100% original paper
on any topic
done in as little as
It means that at first, the Electoral College, although it was supposed to consider all individuals’ choices, did not count the opinions of groups who were not allowed to vote. The change in the Electoral College that allowed for more direct involvement from the public is closely associated with the waves of democratization, as they ensured that all citizens could participate in the elections.
Framers’ Equation for Responsible Governance
The plan of the Electoral College presented by the Framers of the Constitution supported responsible governance and was based on several principles. First, it was desired that the sense of people guided the choice of a president as opposed to the state legislatures or the Congress (Hamilton). Second, the members of the Electoral College were elected based on a district-by-district basis (Dawkins).
Third, the Electoral College was designed to minimize political manipulation in the election process, resolve differences in state and federal interests, and support less populous states by providing them with senatorial electors. As mentioned above, another significant principle was that electors were expected to vote based on the population’s needs and perspectives, not their personal views. Although the original system seems reasonable, it soon became ineffective. The reason for it is that the existing system did not allow electors to vote for a president and a vice president and could result in these people being from different parties. The 12th Amendment was ratified in 1804 to eliminate these problems (Levinson).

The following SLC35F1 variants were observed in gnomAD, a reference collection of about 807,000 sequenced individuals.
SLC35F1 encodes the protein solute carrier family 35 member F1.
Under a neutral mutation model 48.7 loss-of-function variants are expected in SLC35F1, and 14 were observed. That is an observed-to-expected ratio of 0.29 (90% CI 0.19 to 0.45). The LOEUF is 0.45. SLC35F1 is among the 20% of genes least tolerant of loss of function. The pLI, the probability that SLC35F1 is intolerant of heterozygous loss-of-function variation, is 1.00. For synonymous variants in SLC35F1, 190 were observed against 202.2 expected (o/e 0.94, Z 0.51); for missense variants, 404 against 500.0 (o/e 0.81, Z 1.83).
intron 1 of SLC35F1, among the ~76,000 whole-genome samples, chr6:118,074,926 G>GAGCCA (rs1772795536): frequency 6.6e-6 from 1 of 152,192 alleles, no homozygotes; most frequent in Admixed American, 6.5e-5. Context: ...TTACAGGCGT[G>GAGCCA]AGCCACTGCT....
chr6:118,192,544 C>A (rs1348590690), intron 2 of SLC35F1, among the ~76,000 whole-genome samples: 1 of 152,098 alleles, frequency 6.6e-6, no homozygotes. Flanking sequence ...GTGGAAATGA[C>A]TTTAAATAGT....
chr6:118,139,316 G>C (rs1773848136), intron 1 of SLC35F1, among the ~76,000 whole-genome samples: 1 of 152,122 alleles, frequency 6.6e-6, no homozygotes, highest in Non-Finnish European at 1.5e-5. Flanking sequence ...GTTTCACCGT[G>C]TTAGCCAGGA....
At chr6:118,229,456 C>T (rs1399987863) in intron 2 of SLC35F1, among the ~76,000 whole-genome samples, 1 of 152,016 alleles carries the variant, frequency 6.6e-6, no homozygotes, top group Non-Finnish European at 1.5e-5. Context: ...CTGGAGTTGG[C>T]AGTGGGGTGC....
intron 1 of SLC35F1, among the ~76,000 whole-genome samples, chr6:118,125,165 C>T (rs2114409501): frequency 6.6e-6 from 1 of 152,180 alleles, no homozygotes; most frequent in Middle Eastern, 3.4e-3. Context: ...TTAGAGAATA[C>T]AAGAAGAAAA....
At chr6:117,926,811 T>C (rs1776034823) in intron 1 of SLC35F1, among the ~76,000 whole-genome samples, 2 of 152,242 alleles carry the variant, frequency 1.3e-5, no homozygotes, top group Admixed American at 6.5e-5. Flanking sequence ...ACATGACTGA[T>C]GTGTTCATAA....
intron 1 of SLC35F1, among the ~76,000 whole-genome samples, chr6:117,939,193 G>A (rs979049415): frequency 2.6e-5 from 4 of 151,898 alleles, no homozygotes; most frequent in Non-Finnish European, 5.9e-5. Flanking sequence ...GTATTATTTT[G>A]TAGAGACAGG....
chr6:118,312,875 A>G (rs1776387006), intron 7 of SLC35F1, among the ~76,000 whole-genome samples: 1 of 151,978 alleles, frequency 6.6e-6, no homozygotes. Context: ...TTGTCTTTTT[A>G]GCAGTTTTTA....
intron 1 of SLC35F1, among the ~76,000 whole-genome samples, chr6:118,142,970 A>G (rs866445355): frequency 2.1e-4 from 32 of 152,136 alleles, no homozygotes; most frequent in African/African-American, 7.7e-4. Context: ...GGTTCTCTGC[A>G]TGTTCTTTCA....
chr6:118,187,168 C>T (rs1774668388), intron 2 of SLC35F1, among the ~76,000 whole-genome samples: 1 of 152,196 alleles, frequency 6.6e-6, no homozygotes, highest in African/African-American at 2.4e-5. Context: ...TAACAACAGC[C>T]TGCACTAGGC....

Is the Electoral College Undemocratic?
The information presented above allows for concluding that the Electoral College cannot be considered undemocratic due to the following reasons. First, it is designed to make the election process easier. With the Electoral College, individuals have an opportunity to choose a dependable elector that will represent their interests. Moreover, as the Electoral College consists of only 538 electors, there is a limited risk for an election recount. Second, although the original system had flaws, the 12th Amendment was implemented to eliminate them. In addition, the 17th Amendment allowed the population to elect Senators by popular vote, which has made the Electoral College more democratic than it had been in the nineteenth century.
It is possible to say, however, that some criticism may be reasonable. For instance, it is evident that a direct public vote would be a more democratic approach to the election. In addition, the current system authorizes electors to vote according to their personal views, which can be considered a problematic issue. However, the claim that the Electoral College is entirely undemocratic is not true, as this process is based on citizens’ choice.
The Electoral College is a significant process that affects the results of the elections significantly. Individuals choose electors, which, in their turn, vote for a president and a vice president. The Electoral College is criticized for being undemocratic; however, this claim cannot be considered entirely fair. Individuals select Senators themselves as opposed to legislatures making a choice. It is possible to say that with time, the Electoral College has become more democratic than it was at the beginning of the nineteenth century.
Dawkins, Richard. “Richard Dawkins: Electoral College Is Viciously, Unnecessarily Undemocratic.” TIME, 2016. Web.
Gunitsky, Seva. “Democratic Waves in Historical Perspective.” Perspectives on Politics, vol. 16, no. 3, pp. 634–651.
Hamilton, Alexander. “The Federalist No. 68: The Mode of Electing the President.” Constitution Society, 2019. Web.
Levinson, Sanford. “The Twelfth Amendment.” National Constitution Center. Web.
U.S. Electoral College. “What is the Electoral College?” U.S. Electoral College. Web.